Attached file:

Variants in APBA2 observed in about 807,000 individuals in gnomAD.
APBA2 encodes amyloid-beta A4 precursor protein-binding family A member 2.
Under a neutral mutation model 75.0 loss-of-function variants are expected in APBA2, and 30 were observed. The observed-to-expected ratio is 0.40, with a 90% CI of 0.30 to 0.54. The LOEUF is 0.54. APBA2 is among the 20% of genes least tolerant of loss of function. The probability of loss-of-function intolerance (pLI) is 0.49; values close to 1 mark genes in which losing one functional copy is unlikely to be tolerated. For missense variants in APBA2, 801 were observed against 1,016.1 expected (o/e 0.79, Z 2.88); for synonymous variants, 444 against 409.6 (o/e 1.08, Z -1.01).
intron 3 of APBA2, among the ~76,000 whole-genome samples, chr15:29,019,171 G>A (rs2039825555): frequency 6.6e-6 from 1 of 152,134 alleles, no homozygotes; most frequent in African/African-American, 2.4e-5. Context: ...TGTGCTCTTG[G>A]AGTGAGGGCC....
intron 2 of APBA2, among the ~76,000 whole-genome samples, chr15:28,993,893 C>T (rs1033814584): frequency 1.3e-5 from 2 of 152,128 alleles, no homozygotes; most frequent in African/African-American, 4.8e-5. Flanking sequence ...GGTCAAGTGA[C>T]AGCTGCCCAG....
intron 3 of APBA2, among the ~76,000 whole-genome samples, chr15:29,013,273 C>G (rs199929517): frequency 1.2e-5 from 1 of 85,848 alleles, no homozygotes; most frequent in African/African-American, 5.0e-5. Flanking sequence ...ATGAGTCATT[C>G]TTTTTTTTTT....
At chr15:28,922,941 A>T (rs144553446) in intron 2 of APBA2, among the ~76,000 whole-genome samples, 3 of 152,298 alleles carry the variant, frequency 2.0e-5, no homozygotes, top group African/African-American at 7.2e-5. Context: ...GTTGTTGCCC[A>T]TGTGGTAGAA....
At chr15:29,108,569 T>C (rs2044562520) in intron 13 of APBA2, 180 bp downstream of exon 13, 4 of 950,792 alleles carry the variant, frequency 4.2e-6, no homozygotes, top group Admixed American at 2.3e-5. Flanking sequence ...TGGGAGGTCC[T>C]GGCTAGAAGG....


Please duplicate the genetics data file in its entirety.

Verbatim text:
Variants in APBA2 observed in about 807,000 individuals in gnomAD.
APBA2 encodes amyloid-beta A4 precursor protein-binding family A member 2.
Under a neutral mutation model 75.0 loss-of-function variants are expected in APBA2, and 30 were observed. The observed-to-expected ratio is 0.40, with a 90% CI of 0.30 to 0.54. The LOEUF is 0.54. APBA2 is among the 20% of genes least tolerant of loss of function. The probability of loss-of-function intolerance (pLI) is 0.49; values close to 1 mark genes in which losing one functional copy is unlikely to be tolerated. For missense variants in APBA2, 801 were observed against 1,016.1 expected (o/e 0.79, Z 2.88); for synonymous variants, 444 against 409.6 (o/e 1.08, Z -1.01).
intron 3 of APBA2, among the ~76,000 whole-genome samples, chr15:29,019,171 G>A (rs2039825555): frequency 6.6e-6 from 1 of 152,134 alleles, no homozygotes; most frequent in African/African-American, 2.4e-5. Context: ...TGTGCTCTTG[G>A]AGTGAGGGCC....
intron 2 of APBA2, among the ~76,000 whole-genome samples, chr15:28,993,893 C>T (rs1033814584): frequency 1.3e-5 from 2 of 152,128 alleles, no homozygotes; most frequent in African/African-American, 4.8e-5. Flanking sequence ...GGTCAAGTGA[C>T]AGCTGCCCAG....
intron 3 of APBA2, among the ~76,000 whole-genome samples, chr15:29,013,273 C>G (rs199929517): frequency 1.2e-5 from 1 of 85,848 alleles, no homozygotes; most frequent in African/African-American, 5.0e-5. Flanking sequence ...ATGAGTCATT[C>G]TTTTTTTTTT....
At chr15:28,922,941 A>T (rs144553446) in intron 2 of APBA2, among the ~76,000 whole-genome samples, 3 of 152,298 alleles carry the variant, frequency 2.0e-5, no homozygotes, top group African/African-American at 7.2e-5. Context: ...GTTGTTGCCC[A>T]TGTGGTAGAA....
At chr15:29,108,569 T>C (rs2044562520) in intron 13 of APBA2, 180 bp downstream of exon 13, 4 of 950,792 alleles carry the variant, frequency 4.2e-6, no homozygotes, top group Admixed American at 2.3e-5. Flanking sequence ...TGGGAGGTCC[T>C]GGCTAGAAGG....